It is a rainy night. The clouds are a creamy grey. A calm has descended on the street. The road is swept clean by the rain, handwashed as if by a giant paintbrush.
The curtains move slightly on the bedroom window closest to the door. There is the tiniest of draughts there. Sometimes when the wind is fierce, the draught sweeps into the room like a witch’s finger, rattling the picture frames. It is startling at midnight.
Earlier on I saw two women walking with one umbrella, huddled like birds. The way they held their heads, placed graceful feet on the glistening footpath and brushed at the raindrops on their sleeves was so similar I knew they must be mother and daughter. There was an ease between them that filled my chest with tightness.
I thought of my own mother. A woman with whom I veer in and out of dysfunction. Much of the tension between us arises from my mother’s guilt about my sister, Millie. I know that, I know how hard it is for her, but it still hurts when she ascribes the blame for my sister’s downfall to me.
Years ago when we were children my sister, Millie, and I were very close. Some nights we used to talk for hours. But somehow along the way things changed, it was around the time she began having relationship after relationship with men who did not love her, who used her, who abused her. I felt myself, ever so slowly, stepping away from her. My mother believes that if we had retained our closeness things would be different. That Millie would be a whole person, not fractured.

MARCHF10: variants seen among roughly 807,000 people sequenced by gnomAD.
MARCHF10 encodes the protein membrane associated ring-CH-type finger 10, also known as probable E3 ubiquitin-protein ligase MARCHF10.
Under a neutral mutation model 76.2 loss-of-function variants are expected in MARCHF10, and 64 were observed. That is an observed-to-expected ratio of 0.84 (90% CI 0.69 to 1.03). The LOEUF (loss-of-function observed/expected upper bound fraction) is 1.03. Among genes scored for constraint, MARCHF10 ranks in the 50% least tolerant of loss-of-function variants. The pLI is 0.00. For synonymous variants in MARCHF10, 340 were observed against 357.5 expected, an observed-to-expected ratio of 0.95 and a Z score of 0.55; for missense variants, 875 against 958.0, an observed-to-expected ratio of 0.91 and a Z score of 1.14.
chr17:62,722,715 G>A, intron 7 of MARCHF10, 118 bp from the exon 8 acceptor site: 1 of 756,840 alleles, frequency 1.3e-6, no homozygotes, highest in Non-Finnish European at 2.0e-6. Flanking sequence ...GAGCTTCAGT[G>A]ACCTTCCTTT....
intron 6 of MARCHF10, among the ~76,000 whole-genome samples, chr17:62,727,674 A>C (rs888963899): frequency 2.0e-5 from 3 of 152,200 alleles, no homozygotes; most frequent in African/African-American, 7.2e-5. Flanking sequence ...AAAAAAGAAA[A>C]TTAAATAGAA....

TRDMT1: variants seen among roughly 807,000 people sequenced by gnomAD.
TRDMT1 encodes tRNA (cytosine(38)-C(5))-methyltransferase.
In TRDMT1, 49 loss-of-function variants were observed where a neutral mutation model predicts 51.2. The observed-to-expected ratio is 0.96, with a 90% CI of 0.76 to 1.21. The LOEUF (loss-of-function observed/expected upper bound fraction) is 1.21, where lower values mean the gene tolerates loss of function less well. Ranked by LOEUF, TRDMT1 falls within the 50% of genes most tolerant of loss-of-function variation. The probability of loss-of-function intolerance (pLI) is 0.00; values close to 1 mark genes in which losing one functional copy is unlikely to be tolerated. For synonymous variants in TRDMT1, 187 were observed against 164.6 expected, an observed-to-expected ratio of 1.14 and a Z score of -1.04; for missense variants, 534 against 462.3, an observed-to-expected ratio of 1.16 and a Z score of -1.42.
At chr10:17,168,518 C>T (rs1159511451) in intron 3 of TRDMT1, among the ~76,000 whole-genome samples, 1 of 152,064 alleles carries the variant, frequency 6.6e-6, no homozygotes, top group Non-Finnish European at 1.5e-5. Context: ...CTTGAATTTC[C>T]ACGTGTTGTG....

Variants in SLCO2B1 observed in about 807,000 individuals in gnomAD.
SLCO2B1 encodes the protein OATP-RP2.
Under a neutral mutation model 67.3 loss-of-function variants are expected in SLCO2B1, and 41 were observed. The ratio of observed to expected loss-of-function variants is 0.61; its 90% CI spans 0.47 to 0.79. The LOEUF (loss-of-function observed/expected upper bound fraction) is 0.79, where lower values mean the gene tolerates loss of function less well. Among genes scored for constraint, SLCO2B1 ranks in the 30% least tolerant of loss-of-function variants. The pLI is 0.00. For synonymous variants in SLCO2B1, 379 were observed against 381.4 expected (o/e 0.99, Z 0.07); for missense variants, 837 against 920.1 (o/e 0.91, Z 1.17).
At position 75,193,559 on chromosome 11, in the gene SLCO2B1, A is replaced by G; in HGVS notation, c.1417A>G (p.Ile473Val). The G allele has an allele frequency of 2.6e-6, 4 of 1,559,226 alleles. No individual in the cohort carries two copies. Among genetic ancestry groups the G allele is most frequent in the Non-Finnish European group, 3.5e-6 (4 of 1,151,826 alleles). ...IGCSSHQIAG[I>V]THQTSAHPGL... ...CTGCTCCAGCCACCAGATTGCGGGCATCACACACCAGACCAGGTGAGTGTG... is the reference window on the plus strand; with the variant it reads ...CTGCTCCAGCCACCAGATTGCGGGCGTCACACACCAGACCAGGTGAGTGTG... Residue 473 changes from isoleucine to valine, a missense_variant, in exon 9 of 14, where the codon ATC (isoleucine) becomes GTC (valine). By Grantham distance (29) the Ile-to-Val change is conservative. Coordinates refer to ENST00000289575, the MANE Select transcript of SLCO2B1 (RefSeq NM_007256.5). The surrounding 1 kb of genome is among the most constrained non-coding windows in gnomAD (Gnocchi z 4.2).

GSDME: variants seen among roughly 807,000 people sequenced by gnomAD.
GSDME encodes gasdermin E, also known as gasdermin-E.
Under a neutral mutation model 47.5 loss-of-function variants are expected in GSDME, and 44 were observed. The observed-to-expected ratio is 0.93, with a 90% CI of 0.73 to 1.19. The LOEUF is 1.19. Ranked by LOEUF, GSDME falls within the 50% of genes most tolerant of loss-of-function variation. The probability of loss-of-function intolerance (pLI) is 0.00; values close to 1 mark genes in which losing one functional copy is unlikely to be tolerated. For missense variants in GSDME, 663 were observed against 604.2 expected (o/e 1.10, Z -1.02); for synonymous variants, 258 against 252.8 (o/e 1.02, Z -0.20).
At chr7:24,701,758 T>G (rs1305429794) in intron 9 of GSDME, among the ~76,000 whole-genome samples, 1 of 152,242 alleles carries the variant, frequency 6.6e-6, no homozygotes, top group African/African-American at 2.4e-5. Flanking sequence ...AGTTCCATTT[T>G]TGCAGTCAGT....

Her blame compounds my own guilt until all I want to do is open the door and walk out into a night like this and hide amid the sombre lines and shadows.
Sometimes I pray beneath the moon, conjuring up shapeless images that speak more of anguish than piety. Hoping for something, anything, one thing to change.
I don’t like being the fall guy. It is a role I didn’t choose. It makes a hard furrow of my mother’s mouth. It makes me question my perceptions of myself. Can one person solely be to blame for the descent of another? Surely the person descending has a say in how far they will plummet?
In my mind, in my I-am-a-grown-up-now moments, I know my mother is clutching at straws. But in my heart, the part of it that is still a child, I wonder if my mother is right.
Thoughts like these do me no good. They will choke me if I let them. So I press my face against the glass and watch the way the rain falls on a world made of ebony. If I were to walk in the street now in my big black boots, I would look as if I belonged there. And that, for now, is enough.